Open Collections

UBC Undergraduate Research

An investigation into the AMS food and beverage : optimal modes of campus food delivery Chen, Bian Yu; Abrar, Rahman; Zhang, , YiRan; Yoon, Nawoong 2014-04-10

Your browser doesn't seem to have a PDF viewer, please download the PDF to view this item.

Notice for Google Chrome users:
If you are having trouble viewing or searching the PDF with Google Chrome, please download it here instead.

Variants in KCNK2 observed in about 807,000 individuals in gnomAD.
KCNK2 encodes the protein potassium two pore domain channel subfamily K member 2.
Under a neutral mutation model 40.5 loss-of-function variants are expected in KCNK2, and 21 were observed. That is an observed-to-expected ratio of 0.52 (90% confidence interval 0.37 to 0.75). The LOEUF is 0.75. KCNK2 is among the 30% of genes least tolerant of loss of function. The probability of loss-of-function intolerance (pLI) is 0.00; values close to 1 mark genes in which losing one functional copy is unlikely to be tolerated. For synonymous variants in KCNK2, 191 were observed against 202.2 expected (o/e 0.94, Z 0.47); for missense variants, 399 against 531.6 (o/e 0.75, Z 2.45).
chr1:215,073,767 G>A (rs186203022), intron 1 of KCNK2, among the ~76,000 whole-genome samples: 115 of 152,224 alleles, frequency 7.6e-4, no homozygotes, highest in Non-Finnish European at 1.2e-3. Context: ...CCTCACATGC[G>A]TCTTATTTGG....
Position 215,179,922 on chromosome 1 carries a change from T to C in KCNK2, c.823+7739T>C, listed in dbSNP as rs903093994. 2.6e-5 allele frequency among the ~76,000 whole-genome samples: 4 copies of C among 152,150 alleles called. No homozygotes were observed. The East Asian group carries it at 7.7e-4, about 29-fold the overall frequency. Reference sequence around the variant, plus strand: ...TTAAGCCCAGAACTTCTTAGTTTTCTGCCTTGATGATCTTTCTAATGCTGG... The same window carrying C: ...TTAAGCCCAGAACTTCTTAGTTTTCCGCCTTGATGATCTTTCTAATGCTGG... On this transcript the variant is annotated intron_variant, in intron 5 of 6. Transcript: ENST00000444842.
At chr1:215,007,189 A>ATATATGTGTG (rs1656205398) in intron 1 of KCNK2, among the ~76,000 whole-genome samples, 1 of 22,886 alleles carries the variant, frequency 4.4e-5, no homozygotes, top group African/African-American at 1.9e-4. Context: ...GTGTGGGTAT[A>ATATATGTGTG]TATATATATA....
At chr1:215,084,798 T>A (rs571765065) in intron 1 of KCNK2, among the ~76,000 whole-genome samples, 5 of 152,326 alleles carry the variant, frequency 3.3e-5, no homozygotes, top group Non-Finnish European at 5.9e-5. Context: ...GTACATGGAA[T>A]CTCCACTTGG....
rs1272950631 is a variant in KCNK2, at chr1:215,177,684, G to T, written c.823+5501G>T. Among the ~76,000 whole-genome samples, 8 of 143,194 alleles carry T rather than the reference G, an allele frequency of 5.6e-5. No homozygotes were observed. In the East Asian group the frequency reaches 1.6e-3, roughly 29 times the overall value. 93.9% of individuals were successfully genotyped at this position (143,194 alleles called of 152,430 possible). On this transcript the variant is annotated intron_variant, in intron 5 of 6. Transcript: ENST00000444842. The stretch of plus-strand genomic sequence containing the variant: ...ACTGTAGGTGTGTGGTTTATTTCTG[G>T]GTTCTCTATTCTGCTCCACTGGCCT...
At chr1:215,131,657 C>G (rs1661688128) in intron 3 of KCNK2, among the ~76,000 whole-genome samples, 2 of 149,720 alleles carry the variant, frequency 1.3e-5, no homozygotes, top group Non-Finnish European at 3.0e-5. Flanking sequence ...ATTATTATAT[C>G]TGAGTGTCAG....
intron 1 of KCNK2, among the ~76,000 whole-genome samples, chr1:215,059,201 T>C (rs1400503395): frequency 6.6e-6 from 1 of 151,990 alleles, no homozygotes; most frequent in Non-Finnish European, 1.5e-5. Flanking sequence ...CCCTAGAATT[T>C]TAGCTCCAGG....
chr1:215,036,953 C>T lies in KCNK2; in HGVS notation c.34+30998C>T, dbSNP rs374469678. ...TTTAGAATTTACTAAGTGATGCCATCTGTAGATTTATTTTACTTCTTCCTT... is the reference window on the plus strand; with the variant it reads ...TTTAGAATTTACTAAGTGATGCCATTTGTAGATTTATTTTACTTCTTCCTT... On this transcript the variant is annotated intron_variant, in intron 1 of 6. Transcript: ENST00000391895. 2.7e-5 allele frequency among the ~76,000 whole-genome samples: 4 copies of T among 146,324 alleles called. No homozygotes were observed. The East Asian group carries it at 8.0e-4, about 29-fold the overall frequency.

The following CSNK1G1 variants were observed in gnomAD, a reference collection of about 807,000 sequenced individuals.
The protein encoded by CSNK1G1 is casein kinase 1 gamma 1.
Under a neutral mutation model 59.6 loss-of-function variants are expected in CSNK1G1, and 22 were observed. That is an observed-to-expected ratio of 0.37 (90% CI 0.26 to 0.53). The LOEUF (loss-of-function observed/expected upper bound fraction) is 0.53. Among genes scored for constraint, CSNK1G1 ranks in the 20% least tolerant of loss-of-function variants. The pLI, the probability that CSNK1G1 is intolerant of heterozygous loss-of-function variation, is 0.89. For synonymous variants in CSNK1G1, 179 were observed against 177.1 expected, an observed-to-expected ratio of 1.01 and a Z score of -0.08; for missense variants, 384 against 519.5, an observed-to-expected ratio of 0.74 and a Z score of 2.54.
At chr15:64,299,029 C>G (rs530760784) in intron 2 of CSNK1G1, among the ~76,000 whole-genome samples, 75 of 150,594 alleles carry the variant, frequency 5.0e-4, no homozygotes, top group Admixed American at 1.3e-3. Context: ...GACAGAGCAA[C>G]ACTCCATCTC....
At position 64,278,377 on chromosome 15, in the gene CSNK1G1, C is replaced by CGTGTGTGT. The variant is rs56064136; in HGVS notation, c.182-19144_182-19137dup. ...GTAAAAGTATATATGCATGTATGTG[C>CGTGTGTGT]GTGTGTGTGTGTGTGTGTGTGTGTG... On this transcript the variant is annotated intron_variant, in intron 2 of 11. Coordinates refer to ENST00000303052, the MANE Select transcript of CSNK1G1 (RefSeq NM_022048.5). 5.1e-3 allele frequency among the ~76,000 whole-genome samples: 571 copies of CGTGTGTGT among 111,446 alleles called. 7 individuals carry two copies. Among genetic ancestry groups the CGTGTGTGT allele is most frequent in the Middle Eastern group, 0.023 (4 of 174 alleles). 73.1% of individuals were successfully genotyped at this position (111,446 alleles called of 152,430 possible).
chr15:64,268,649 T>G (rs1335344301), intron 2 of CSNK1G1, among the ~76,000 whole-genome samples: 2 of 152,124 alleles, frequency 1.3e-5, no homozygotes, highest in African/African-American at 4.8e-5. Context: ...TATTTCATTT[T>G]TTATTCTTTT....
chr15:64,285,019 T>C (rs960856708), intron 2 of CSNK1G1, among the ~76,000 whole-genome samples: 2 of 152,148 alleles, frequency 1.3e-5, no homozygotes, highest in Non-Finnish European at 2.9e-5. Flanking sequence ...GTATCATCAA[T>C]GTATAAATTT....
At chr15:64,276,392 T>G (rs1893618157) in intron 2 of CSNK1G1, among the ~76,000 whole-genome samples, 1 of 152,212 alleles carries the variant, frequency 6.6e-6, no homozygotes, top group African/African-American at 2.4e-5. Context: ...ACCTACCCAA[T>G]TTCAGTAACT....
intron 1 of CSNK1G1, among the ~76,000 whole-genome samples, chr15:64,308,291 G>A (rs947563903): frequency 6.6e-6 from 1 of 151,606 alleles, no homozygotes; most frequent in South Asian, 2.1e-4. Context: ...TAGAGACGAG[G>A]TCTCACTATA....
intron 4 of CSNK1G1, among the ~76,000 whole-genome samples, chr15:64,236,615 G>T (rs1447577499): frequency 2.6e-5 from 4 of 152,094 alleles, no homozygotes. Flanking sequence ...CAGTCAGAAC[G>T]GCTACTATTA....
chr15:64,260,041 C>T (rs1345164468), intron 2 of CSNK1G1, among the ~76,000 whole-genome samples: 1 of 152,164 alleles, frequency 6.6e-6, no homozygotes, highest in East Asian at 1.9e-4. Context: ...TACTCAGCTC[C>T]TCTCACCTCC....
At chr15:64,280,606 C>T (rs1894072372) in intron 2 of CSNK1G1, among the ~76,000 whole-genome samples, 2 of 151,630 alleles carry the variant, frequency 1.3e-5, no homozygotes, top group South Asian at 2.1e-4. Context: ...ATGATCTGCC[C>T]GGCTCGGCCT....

Item Metadata


18861-Chen_B_et_al_SEEDS_2014.pdf [ 3.09MB ]
JSON: 18861-1.0108798.json
JSON-LD: 18861-1.0108798-ld.json
RDF/XML (Pretty): 18861-1.0108798-rdf.xml
RDF/JSON: 18861-1.0108798-rdf.json
Turtle: 18861-1.0108798-turtle.txt
N-Triples: 18861-1.0108798-rdf-ntriples.txt
Original Record: 18861-1.0108798-source.json
Full Text

Full Text